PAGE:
Monday, September 16, 2013

Dancing in the Rain part 5

The nearest hospital to the big house is actually pretty close. It’s a medium size hospital with all the modern facilities you want in a hospital. Hong Kong is pretty advanced when it comes to health care. It’s also incredibly inexpensive – especially compared to the United States.

We went to the ER and in about 10 minutes a doctor was looking at my ankle. They took me to get x-rays and 20 minutes later I was talking to the same doctor again while looking at the x-rays on a computer monitor. The doctor said nothing was broken, but I tore a medial ligament. It should be completely healed in a couple of weeks, but they gave me an ankle brace and told me to walk on crutches for about a week. They also gave me a bunch of drugs.

Any time you go to a hospital in Hong Kong, they give you a bunch of drugs. They gave me a pill to help prevent swelling, a pill for pain and a pill to counteract the side effects of mixing the pills for swelling and pain. There are a lot of things about health care in Hong Kong that are better than the United States, but I’m not crazy about their practice of throwing drugs at everything.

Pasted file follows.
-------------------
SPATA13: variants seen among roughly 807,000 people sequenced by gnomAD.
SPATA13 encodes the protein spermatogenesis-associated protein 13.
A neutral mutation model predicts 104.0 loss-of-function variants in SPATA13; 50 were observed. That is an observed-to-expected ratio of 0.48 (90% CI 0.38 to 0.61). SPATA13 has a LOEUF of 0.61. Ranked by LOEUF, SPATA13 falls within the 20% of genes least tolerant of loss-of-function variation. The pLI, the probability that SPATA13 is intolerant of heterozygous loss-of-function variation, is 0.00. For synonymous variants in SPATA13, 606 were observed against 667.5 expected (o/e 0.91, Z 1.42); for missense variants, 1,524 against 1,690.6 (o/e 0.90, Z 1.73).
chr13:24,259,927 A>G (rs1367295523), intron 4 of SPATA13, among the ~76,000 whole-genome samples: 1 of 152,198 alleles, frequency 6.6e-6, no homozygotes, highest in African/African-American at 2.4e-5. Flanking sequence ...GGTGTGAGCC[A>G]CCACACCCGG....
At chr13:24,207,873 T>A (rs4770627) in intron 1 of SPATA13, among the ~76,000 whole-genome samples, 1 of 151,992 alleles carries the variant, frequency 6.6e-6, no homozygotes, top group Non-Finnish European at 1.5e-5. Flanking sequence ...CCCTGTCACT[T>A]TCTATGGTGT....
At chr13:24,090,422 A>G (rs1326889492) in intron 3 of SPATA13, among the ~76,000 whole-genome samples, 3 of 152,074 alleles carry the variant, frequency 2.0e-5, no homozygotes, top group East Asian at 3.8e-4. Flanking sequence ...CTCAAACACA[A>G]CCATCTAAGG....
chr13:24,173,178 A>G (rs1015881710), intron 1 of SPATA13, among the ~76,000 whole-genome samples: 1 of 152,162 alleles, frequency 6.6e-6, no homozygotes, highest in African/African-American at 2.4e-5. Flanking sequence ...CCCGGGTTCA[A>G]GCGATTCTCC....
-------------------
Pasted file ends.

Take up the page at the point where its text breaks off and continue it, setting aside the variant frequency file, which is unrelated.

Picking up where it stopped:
So I never took the pain medication. It was never as painful as when it first happened anyway. That’s when I could have used those pills. Since I’m not taking the pain pills, there’s no reason to take the side effect pills. Of the three medications they gave me, I’m only taking the one for swelling.

I also have an ice pack that feels very nice on hot & humid summer afternoons. I’m thinking about keeping it and using it all over my body and the hottest days.

Since it’s really hard to dance on crutches, I’m taking some time off work.

If this happened in the United States, I would be getting a hospital bill for at least a few hundred dollars. They would charge for going into the ER, seeing a nurse, seeing a doctor, getting x-rays, being taken back & forth in a wheelchair to get x-rays, the gloves everyone wears, the disposable cap on that thing they stick in your ear to take your temperature, and those plastic sheets they put on the ER tables. Then I would have to go somewhere else and pay a few hundred dollars for the prescriptions and go somewhere to get crutches and an ice pack.

In Hong Kong I walked away – or hobbled away – from the hospital about US$10 poorer. I didn’t have to go anywhere to get the medications, ice pack and crutches because they gave everything to me right there in the hospital. Everything that happened in the ER was included in the regular hospital fee and I paid a few more dollars for the drugs. That was it.

How much does an x-ray in the U.S. cost? It’s right there on your bill. How much does it cost in Hong Kong? No one knows. It’s included.

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